constant entanglement of the line. The disadvantages of a long and over flexible rod are well known to us: we can, indeed, speak very feelingly upon the subject, for it was once our misfortune to be the proprietor of one. Its original cost was thirty shillings, and right glad were we to exchange it with a “brother of the angle” for a ten shilling rod, not above two-thirds its size, but the equal of which, for power and general excellence, we have never yet met with. Our friend, however, was well pleased with the exchange; so were we–very. It is but fair to add that good rods are nothing like so scarce as they formerly were. The last three or four years have seen some great improvements, and—from what cause we presume not to say—a very general falling in with the opinions we have long and repeatedly set forth. As from the wrist proceeds the chief action in the process of throwing the line, it is obvious that the choice of the rod should be influenced by the strength or weakness of that joint. What is a stiff and cumbersome rod to one man may exactly suit another of stronger muscle; and the same rod tried by a third person, possessing still greater strength, may handle light and airy as an enchanter's wand, and, therefore, will be to him, F.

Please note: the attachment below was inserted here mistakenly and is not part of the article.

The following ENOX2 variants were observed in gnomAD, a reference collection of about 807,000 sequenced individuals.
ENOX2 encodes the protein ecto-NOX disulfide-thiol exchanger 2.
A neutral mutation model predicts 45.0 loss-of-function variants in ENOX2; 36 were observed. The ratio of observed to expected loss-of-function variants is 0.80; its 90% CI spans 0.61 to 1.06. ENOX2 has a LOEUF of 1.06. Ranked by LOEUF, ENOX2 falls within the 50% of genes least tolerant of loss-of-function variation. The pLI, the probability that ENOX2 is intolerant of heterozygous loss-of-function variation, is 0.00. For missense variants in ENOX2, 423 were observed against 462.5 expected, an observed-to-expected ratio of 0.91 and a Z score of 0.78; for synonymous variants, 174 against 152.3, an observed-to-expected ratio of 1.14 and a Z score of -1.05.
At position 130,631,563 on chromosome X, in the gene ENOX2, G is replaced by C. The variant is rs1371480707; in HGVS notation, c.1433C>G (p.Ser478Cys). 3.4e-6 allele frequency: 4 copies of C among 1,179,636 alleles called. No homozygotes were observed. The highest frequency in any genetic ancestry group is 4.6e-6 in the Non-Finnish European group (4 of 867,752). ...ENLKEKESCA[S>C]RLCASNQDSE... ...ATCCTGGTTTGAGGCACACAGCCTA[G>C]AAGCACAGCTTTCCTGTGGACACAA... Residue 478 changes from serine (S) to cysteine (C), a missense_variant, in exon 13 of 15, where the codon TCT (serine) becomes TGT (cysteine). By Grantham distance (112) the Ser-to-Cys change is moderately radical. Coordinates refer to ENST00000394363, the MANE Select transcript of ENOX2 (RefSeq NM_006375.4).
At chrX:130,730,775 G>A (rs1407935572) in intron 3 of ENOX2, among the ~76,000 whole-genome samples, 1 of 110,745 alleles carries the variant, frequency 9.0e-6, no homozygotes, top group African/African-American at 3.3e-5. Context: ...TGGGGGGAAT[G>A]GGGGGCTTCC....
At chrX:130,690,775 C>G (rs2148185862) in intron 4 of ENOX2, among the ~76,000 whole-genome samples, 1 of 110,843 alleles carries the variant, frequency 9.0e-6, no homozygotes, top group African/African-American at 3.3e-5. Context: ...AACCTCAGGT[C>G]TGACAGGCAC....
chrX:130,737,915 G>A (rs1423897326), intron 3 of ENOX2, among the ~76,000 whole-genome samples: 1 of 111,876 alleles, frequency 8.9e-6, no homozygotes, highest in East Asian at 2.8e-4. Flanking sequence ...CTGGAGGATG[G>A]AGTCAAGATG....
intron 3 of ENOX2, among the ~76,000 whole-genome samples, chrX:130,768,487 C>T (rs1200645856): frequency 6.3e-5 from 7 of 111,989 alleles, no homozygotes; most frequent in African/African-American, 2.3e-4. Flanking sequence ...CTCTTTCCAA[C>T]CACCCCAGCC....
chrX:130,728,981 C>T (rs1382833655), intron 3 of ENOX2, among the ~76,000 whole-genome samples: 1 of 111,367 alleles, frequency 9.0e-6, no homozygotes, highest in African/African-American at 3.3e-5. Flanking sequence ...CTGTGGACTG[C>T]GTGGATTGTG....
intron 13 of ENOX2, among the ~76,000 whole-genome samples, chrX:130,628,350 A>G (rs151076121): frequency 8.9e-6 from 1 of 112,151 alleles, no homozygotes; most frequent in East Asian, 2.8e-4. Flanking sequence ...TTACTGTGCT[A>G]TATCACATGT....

comparatively speaking, powerless. A person may determine by a very few casts — supposing him to be expert in throwing — whether the rod he handles be adapted to him or not. If it be properly under his command, the force communicated by his wrist, in wielding it, will be felt at the very point of the line, and the fly there will alight upon the water quiveringly and insect-like. If otherwise, the spring required in the impulsion of the rod will be so neutralised by the overweight of the latter, that it will not be communicated to the line, which, in consequence, will be thrown solely by the movement of the rod, without any control of the wrist, and will always fall in an ungoverned and slovenly manner. Much of what we have already said and shall have to say in future pages, will not, we expect, be fully understood by a person wholly unacquainted with the art; but he will find it gradually become more and more intelligible as his practical experience increases. We therefore recommend a person desirous of making his first equipment, to act in some measure under the guidance of an experienced friend, if such can be met with; or else to rely upon the advice of the tradesman from whom he makes his purchases — provided he is a practical angler and an honest man, as indeed all true